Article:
How to nail your storytelling to boost your business

- November 21, 2022 3 MIN READ
Ancient cave paintings depicting hunting or battle

What makes a great story, and how can you leverage great stories for success in business? Kathryn Van Kuyk and Anthony Caruana, co-founders of Media-Wize, explain how to master the art of storytelling for your business.

People love great stories. Almost every portrayal of humans, from the Stone Age to modern times, features people sharing stories with each other. That’s not just a nice visual for movies or TV shows to exploit. It’s backed by anthropological studies that highlight the importance of storytelling in sharing wisdom and history.

We’re made for stories

Storytelling in human civilisation predates writing. The earliest forms of storytelling were usually oral, combined with gestures and expressions. Some archaeologists believe rock art may have served as a form of storytelling for many ancient cultures.

Storytelling traditions have been used by humans to explain natural phenomena, the origins of humanity, myths, and spiritual and social beliefs. The most engaging storytellers were revered as healers, leaders, spiritual guides, teachers and entertainers.

Modern storytelling takes on many forms, from fairy tales, folktales, mythology and legends to documenting history, capturing personal stories, political storytelling and reporting on world events and local news. It’s used to educate, inform, persuade, influence and encourage action.

New forms of media have created new ways for people to record, consume and express stories, from blogs to websites, social media and self-publishing tools.

Storytelling is a human way to share and interpret experiences and make sense of the world we live in. Our brains are wired to love stories. Steve Jobs, the creator of the Apple Mac, knew this and recognised that a product had to be more than functional. It had to appeal to the people who would use it and create an emotional – almost visceral – connection to them.

Steve Jobs with Apple iPhone

Steve Jobs. Source: Matt Yohe / Wikimedia Commons

What makes a great story, and how can you leverage storytelling for success in business?

When you watch a great movie or read a brilliant book, there are several elements that can capture you. There may be characters you resonate with or connect with. There might be a plot that engages you, making you wonder what will happen next. Whatever the rational reason, a great story engages you emotionally. It takes you on the journey or makes you care about the outcome. It is more than just a set of facts.

When it comes to crafting stories about your business, it’s easy to get caught up in facts and figures and technical details. It’s likely you’ve spent months or even years thinking about what you’re creating. There is a place for that detail in a story, but it’s not the story.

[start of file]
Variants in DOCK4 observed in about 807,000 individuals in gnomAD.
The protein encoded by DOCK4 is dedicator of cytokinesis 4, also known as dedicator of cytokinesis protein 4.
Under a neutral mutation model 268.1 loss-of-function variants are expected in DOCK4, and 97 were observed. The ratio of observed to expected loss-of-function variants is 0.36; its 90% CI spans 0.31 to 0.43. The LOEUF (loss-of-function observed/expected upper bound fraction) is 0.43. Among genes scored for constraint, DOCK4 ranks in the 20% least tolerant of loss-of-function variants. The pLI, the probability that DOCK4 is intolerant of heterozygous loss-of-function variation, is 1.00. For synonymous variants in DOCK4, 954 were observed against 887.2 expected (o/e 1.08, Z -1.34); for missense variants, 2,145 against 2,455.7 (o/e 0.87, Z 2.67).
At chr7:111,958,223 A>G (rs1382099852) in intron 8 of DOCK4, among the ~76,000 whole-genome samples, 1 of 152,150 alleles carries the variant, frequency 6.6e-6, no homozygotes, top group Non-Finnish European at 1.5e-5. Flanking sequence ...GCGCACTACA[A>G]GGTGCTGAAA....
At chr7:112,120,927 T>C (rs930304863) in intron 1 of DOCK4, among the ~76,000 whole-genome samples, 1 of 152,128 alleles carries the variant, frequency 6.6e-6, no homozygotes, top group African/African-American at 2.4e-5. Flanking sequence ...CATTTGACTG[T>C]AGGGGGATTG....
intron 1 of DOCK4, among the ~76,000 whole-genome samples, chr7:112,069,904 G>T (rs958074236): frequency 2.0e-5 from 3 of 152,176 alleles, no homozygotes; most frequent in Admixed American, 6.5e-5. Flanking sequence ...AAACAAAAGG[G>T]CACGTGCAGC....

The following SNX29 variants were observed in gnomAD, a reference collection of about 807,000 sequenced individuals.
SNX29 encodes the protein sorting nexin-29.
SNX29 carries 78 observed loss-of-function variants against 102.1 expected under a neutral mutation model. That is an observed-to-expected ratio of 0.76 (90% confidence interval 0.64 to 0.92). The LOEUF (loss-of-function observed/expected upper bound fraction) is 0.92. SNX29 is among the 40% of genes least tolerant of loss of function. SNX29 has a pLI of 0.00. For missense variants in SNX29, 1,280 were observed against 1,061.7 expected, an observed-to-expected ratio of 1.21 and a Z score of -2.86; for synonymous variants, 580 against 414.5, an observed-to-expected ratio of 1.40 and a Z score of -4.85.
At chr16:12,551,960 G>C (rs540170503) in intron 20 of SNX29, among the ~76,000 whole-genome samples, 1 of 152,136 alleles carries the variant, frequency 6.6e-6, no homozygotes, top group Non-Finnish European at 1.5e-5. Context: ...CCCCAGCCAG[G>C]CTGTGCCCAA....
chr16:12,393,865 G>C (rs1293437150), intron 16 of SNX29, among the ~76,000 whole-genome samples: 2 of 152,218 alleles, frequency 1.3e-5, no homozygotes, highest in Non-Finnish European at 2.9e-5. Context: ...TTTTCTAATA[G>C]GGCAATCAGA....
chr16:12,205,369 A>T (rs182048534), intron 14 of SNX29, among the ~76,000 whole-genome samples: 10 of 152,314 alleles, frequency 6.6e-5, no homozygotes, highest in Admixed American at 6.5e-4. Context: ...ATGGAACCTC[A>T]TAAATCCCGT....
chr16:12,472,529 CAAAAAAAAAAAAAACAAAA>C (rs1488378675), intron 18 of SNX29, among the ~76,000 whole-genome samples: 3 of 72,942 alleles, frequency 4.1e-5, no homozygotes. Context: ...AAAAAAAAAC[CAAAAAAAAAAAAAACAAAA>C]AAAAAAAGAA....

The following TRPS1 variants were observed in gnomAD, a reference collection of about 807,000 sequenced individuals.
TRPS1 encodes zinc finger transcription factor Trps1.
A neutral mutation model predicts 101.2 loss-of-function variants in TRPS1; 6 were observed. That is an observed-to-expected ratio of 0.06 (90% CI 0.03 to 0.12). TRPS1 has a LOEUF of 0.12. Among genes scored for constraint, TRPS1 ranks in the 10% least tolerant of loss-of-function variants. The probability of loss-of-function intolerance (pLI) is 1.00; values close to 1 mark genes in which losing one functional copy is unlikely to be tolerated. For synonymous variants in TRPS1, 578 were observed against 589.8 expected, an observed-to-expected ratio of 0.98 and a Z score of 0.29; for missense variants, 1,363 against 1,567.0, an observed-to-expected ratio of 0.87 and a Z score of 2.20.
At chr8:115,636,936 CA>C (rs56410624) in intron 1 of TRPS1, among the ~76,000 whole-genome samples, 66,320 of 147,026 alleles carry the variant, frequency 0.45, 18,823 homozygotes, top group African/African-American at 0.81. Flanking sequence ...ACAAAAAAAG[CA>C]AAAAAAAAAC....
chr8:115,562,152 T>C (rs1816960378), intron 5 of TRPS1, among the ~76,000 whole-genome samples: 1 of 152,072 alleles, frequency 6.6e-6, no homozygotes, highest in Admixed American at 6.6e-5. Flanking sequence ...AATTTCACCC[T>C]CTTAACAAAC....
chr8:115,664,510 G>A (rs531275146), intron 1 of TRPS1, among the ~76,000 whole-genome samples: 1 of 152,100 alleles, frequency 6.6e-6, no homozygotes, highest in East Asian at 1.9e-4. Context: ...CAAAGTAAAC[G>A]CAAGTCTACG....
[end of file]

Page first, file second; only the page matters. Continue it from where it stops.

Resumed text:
It’s not that the detail isn’t important. Some great stories are replete with technical detail. Michael Crichton wrote a number of compelling novels, like Airframe, Jurassic Park and Timeline, that included lots of interesting technical detail about the construction of commercial aircraft, genetics and quantum physics. But the detail wasn’t the focus. Compelling narratives and interesting characters made these best-sellers.

There are some great lessons to learn from this. When you’re thinking about the stories that come from your business, look for opportunities to create a narrative. Look for stories about people. Founder’s stories are a mainstay of the startup press because people like to read about other people. It’s also why gossip magazines remain popular at supermarket newsstands.

For a business, you may have found a quirky or innovative way to make an everyday task easier. To master storytelling, you need to put yourself in the audience’s shoes and ask yourself why they should care. What’s in it for the audience? If there’s no obvious benefit to the reader, why would they bother reading or looking any further? How can you resonate with them?

When you get the storytelling right, it leads to people resonating with your business, your mission, your brand and services. It is far more engaging and compelling than simply trying to spruik your products and services. It can be a point of difference to help you stand out from the pack.

This article was first published on Kochie’s Business Builders, read the original here.

Join the soloist movement. Whether you are new to Flying Solo or looking to grow your business, our membership options will help you attract more leads, grow your network and sharpen your business skills.  Sign up to our newsletter to get the latest news and advice straight to your inbox.

Now read this:

Five steps to writing a great blog for your business – and why you definitely should!

Here’s why you need to upgrade your Flying Solo membership pronto!

  • Share your business journey in an exclusive member profile
  • Get free lifetime access to our Going It Alone digital course
  • Participate in members-only events and experiences
  • Boost your business’ visibility with a Directory listing

$149.95 + GST
Billed annually
  • Andrew Caska

    Caska IP Patent Attorneys

    'Flying Solo opened up so many doors for us - I honestly don't know where I'd be without it"